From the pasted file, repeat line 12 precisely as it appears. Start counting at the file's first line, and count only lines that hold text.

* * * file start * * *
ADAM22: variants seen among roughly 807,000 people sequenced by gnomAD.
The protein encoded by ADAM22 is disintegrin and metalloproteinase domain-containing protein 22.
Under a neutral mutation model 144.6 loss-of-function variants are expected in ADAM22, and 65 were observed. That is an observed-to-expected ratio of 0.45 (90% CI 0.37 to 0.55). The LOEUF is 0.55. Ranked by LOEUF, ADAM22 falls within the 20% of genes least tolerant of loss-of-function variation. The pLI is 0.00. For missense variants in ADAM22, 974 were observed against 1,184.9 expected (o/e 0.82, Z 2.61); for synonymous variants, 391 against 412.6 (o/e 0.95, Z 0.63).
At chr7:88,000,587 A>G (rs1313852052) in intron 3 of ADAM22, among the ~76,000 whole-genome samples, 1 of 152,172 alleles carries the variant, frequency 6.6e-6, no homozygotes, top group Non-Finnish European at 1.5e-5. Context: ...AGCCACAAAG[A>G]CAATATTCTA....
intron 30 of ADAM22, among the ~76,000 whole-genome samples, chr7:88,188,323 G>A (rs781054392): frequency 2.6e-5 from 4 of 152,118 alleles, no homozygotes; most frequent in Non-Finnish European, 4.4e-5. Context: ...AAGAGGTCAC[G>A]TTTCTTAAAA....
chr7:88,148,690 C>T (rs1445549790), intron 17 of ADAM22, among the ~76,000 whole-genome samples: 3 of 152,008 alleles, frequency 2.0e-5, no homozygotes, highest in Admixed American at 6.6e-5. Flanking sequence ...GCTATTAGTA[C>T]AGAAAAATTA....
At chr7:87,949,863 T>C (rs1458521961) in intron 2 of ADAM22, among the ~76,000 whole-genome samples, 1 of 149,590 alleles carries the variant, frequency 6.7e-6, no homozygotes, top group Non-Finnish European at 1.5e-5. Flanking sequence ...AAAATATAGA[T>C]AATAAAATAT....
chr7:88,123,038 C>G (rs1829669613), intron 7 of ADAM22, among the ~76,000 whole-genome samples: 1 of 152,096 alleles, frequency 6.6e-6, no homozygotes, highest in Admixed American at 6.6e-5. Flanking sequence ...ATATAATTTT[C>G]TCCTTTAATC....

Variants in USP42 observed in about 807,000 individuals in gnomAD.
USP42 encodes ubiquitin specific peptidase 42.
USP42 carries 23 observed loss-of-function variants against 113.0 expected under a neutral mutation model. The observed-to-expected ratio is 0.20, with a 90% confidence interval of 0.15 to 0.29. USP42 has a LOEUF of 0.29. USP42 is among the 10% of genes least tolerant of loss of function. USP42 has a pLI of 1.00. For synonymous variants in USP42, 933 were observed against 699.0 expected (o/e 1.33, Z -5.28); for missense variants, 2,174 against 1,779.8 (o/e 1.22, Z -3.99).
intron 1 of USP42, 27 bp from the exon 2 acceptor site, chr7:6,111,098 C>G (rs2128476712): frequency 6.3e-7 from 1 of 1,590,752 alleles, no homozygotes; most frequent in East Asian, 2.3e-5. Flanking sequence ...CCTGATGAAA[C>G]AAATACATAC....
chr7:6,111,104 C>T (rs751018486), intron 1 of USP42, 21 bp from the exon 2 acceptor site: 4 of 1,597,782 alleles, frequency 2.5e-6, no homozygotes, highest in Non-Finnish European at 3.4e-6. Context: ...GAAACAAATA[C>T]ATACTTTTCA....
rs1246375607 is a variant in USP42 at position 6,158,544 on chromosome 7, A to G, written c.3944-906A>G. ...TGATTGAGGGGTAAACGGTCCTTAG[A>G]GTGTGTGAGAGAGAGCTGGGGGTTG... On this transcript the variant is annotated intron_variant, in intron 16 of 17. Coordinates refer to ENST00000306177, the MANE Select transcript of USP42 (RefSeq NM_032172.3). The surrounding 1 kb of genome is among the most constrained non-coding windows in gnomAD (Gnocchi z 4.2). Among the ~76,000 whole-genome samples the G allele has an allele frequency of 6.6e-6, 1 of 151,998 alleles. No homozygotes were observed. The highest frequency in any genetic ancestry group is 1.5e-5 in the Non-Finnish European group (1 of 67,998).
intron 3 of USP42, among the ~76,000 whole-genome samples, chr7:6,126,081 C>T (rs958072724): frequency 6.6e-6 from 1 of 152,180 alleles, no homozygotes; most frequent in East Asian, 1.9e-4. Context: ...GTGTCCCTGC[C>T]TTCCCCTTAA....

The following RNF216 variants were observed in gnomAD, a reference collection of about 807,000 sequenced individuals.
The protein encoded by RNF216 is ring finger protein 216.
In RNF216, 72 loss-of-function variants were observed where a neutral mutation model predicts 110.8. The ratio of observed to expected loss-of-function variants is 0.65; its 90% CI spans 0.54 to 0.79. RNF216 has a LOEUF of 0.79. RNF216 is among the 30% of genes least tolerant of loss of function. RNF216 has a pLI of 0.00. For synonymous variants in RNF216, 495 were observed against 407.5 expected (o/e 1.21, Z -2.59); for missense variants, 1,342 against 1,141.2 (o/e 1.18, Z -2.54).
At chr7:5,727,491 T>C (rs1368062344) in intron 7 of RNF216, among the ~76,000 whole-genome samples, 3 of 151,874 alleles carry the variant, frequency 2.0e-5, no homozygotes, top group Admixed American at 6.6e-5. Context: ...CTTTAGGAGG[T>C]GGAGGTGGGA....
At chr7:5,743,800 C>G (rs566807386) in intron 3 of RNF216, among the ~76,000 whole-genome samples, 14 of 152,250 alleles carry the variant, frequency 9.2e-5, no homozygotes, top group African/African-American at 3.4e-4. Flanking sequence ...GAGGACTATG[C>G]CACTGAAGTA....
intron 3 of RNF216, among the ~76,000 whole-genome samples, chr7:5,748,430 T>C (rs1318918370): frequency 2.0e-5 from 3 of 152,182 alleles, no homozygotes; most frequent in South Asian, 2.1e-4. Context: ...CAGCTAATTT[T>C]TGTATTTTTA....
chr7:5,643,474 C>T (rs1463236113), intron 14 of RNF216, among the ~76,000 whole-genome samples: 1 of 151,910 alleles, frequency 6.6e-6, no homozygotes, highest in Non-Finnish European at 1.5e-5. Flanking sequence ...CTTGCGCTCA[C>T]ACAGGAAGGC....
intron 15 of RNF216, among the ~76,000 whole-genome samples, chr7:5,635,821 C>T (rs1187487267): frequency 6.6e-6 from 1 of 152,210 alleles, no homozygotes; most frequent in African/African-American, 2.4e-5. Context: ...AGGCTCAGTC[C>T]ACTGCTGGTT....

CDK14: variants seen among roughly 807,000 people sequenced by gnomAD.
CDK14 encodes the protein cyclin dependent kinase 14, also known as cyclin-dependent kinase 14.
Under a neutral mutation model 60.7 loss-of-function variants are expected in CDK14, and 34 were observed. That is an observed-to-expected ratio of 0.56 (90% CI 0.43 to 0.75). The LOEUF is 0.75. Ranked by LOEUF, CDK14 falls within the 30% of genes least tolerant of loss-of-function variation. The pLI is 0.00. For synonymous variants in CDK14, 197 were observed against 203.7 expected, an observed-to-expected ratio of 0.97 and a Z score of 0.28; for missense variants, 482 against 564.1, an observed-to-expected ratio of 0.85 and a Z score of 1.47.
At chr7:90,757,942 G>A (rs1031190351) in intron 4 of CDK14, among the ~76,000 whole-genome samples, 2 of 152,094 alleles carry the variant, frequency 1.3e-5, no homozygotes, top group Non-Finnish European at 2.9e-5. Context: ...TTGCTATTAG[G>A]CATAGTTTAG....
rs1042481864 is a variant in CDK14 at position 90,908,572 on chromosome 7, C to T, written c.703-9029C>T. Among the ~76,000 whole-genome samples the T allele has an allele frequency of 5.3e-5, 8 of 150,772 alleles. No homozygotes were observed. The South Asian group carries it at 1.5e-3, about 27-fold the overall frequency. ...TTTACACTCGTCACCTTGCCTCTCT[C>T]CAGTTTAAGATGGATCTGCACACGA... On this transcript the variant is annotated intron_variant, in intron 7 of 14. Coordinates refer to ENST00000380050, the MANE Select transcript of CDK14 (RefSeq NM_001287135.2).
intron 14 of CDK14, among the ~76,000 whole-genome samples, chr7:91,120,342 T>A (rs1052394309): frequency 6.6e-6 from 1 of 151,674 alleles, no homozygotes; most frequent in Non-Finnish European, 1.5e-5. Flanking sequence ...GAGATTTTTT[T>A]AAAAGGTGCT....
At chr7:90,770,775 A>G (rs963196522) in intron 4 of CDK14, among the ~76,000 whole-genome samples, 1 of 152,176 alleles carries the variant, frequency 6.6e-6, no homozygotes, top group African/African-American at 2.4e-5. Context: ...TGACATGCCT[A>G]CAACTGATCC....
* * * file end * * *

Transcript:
intron 1 of USP42, 27 bp from the exon 2 acceptor site, chr7:6,111,098 C>G (rs2128476712): frequency 6.3e-7 from 1 of 1,590,752 alleles, no homozygotes; most frequent in East Asian, 2.3e-5. Flanking sequence ...CCTGATGAAA[C>G]AAATACATAC....